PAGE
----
I remember my dad showing up after his mysterious disappearance. He was grinning ear to ear and mother’s relief was obvious. “Daddy, daddy, look what I’ve found! Isn’t it a great color? And look it’s culottes! I can’t wear them to school, but I can wear them to Duck Inn and choir and…” I wanted to be the one to tell him about it, because I knew Mom would start with all the reasons it was impractical. Duck Inn was our favorite place to get catfish and we went every couple of weeks, so I figured including it would give the idea that I’d be wearing it a lot.
There was some discussion of price and if I remember correctly, we’d found it on the clearance rack and my dad thought, for the price, if all I did was wear it on vacation I would get our money’s worth. I wore the dickens out of that thing. It was if I had to prove Dad was right to let me buy it. I actually wore the dress to shredding, which was a weird thing. I was growing fast and Mom was fastidious about the laundry, so most of my clothes looked brand new when I outgrew them. This one started fraying where the skirt was connected to the bodice.
Vacation wise, I don’t remember what we saw in El Paso, but I do remember going over into Juarez. We saw the bats erupt from Carlsbad Caverns and then went down inside the next day. Somewhere along the way we visited White Sands National Park and the Palo Duro Canyons. We went to Houston that year to, but for the life of me, I can’t remember whether it was on the same trip or on another one later in the year.
Come back next week and I’ll share a few tidbits from that trip to the Houston area.
We’d taken a small siesta, gotten all gussied up and were ready for happy hour. The Cork Bar, on the River level of Hotel Contessa, was a lively place. Last minute guests were arriving for a wedding on the Las Ramblas patio and bridesmaids were being lined up for their entrance. Televisions near the bar were tuned to a horse race. Deb and I ordered up a pair of margaritas, then settled in to enjoy the activity.
Vicarious Wedding Guests Watch Acrobatic Nap Demo
The wedding was our first focus. San Antonio is a big military town, so we weren’t surprised that most of the men in the wedding party wore uniforms – and impressive uniforms they were. We didn’t know the groom, of course, but he had to be a tough guy just to carry around all those medals on his chest. The bride was lovely, but being unable to hear through the glass wall of the bar, we soon brought our attention into our immediate surroundings.
We chatted about how much we loved the hotel, how great the service was – especially the doormen and commented on the decor. About that time a woman came down and tried out a large upholstered bench close to us. She was in town with her adult son and joked about the luxury of not having to take him to the potty as she had when he was young. After several attempts at sitting on the bench in different positions she decided the appropriate one for enjoying that particular piece of furniture was to lay down, but she didn’t want her son to catch her. So her little nap was only a couple of minutes long.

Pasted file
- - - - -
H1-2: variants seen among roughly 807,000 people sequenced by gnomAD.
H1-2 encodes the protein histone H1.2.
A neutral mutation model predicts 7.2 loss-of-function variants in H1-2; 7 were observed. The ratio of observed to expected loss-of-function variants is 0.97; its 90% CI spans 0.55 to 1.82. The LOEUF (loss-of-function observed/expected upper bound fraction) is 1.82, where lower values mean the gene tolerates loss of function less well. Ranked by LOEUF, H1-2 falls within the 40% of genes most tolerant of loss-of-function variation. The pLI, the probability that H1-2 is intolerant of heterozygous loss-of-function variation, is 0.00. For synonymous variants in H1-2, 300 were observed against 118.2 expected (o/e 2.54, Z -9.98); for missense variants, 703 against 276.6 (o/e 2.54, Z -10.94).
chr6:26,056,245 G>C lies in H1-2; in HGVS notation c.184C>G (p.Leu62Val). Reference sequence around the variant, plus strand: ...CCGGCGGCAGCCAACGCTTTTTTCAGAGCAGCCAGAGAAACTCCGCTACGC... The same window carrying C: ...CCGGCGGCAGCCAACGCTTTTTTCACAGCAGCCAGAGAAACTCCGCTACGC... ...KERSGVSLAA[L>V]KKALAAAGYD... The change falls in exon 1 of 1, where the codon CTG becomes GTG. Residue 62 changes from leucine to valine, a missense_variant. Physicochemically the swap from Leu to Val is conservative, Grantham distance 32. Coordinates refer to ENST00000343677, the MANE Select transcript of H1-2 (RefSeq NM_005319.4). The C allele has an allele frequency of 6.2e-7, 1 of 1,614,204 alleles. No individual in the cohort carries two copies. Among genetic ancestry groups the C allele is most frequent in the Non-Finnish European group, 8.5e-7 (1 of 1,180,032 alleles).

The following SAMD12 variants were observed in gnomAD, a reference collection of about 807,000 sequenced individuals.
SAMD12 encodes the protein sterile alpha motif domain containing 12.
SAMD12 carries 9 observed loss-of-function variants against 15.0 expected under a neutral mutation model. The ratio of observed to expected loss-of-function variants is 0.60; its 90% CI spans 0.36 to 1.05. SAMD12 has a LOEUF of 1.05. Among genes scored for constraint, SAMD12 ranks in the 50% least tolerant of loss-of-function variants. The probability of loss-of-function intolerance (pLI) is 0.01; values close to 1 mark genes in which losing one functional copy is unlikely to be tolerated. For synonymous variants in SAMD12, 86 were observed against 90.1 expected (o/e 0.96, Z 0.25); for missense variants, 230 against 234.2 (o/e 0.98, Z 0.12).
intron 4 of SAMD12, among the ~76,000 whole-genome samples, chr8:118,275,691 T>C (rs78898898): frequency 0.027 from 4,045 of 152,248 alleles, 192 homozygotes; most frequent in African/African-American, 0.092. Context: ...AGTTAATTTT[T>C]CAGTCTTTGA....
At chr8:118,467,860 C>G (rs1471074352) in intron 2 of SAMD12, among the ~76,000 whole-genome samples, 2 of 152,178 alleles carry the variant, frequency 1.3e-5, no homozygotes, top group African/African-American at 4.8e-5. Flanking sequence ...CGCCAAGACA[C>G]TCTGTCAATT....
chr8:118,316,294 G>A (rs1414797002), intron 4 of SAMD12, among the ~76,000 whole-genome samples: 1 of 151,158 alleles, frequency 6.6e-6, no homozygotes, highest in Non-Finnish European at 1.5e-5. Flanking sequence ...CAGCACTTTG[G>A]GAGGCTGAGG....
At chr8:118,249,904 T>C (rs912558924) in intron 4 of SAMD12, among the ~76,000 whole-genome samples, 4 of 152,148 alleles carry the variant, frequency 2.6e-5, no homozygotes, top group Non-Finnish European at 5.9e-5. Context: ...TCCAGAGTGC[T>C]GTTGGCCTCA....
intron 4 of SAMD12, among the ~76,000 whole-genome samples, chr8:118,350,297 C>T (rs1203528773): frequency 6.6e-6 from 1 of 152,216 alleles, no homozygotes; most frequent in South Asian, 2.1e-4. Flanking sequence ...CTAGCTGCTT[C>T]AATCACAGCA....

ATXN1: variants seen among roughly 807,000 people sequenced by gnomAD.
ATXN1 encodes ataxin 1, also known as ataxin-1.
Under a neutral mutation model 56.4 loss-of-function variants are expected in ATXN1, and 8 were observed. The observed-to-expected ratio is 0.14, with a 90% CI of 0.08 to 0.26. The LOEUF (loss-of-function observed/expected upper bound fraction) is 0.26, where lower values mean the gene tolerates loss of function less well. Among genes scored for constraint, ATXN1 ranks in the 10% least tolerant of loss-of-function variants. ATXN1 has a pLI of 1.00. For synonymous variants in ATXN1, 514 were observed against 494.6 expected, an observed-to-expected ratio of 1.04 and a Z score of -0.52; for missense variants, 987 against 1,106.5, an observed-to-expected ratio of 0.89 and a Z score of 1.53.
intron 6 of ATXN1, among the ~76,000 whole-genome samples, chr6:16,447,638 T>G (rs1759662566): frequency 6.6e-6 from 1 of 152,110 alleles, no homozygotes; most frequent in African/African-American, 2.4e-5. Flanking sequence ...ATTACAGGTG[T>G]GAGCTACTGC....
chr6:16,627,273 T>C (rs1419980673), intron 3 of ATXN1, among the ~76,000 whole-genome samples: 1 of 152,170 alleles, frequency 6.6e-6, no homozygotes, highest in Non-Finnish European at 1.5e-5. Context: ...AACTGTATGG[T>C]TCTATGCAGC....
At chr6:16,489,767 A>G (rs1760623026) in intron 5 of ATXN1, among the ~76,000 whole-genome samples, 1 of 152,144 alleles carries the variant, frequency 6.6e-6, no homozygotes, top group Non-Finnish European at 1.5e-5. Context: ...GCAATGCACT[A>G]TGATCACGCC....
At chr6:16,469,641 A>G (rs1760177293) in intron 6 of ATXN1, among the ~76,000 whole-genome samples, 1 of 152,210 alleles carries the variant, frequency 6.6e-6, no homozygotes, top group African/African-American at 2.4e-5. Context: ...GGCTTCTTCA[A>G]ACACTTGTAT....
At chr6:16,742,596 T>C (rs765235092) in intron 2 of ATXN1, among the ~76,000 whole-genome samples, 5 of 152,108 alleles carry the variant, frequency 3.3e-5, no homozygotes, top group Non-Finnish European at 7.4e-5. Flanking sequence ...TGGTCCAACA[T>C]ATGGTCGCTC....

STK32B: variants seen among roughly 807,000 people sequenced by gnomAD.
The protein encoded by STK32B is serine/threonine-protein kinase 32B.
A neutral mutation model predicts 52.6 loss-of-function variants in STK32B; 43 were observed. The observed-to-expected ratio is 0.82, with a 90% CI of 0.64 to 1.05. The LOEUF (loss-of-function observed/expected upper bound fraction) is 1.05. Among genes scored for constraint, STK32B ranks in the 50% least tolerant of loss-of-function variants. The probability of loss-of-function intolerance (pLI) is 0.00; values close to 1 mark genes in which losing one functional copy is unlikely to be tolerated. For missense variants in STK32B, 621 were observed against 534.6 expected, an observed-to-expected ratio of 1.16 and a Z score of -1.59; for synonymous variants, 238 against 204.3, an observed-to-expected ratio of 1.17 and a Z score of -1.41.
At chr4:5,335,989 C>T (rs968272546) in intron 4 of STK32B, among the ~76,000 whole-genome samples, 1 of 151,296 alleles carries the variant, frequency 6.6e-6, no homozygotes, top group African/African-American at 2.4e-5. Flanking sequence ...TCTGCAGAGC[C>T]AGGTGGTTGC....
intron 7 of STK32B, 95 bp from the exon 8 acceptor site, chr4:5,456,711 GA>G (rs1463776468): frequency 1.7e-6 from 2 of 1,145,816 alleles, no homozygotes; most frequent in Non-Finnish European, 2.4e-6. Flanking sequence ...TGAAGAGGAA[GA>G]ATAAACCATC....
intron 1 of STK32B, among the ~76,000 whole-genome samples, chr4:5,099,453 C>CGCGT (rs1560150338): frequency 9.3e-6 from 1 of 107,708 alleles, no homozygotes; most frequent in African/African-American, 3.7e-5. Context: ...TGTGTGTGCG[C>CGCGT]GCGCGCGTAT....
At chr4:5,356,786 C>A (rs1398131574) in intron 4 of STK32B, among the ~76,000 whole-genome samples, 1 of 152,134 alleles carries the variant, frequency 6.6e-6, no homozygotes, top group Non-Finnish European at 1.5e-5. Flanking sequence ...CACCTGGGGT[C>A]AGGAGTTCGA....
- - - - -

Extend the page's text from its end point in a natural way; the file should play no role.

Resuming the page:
The Triple Crown
The wedding continued, but we recognized quite a buzz around the bar. Someone had turned up the sound on the TV. We were almost irritated until we figured out it was the Belmont Stakes and American Pharoah was poised to win The Triple Crown. The last time anyone had done that was back in the 1970’s.
As the pre-race coverage gave us the background stories leading up to the Belmont Stakes, Deb and I reminisced about our own horse racing experiences. Chief among mine were George and Ruth, my very Baptist parents who followed the Triple Crown religiously every year, “betting” on who would win. Soon the newly married bride and groom, led their guests to a mezzanine nearby, but we noticed several guests lagged behind. It was almost race time.
American Pharaoh was a clear favorite, but the commentators hedged their bets by pointing out potential spoilers. American Pharaoh would have none of that. When the gate opened she was out and away. No one even got close. It was a thrilling outcome. When the race was over, the wedding guests made their way up to the mezzanine and the others in the crowd wandered away. Dinner time was upon us.
Thanks to the VIA trolleys Deb and I were visiting San Antonio attractions we would’ve never reached by walking and we weren’t having to hassle with driving and parking. That’s the way to enjoy sightseeing.
Both the Botanical Garden and the Japanese Tea Garden are part of a larger complex of attractions called Brackenridge Park. Included in the Brackenridge Park Conservancy is a zoo, a golf course, the Witte Museum and other recreational activities. Brakenridge Park is an important part of what makes San Antonio such a wonderful place to visit.
The Witte is undergoing a major overhaul right now, but on a previous trip, Bill and I had thoroughly enjoyed the museum with its South Texas Heritage Center. My last trip to the zoo was decades ago, long before I was blogging. Though small in comparison to some zoos, like San Diego for instance, it was quite charming. What sets it apart from other zoos, in my mind, are the beautiful animal sculptures sprinkled throughout the exhibits.
Visiting the Japanese Tea Garden
As I planned this trip with my bestie, I hoped we’d have time for the Japanese Tea Garden. I kept telling myself that surely somewhere along the way I had been there, but I could never recall a specific occasion. So, I looked forward to refreshing my memory. The VIA trolley rolled up to the entrance, I took the obligatory picture and then my bestie and I climbed the hill to the garden.
Once we reached the top and walked over to a pavilion where other tourists were madly snapping pictures, I realized I had never actually been there, because if I would have been, I would never have forgotten the view!
San Antonio’s Japanese Tea Garden was re-claimed from a quarry and the results are dramatic. From the pavilion you look down into a verdant landscape with two large pools. Then your eyes travel to the far side of the garden which features a cascading waterfall.
Garden Needs TLC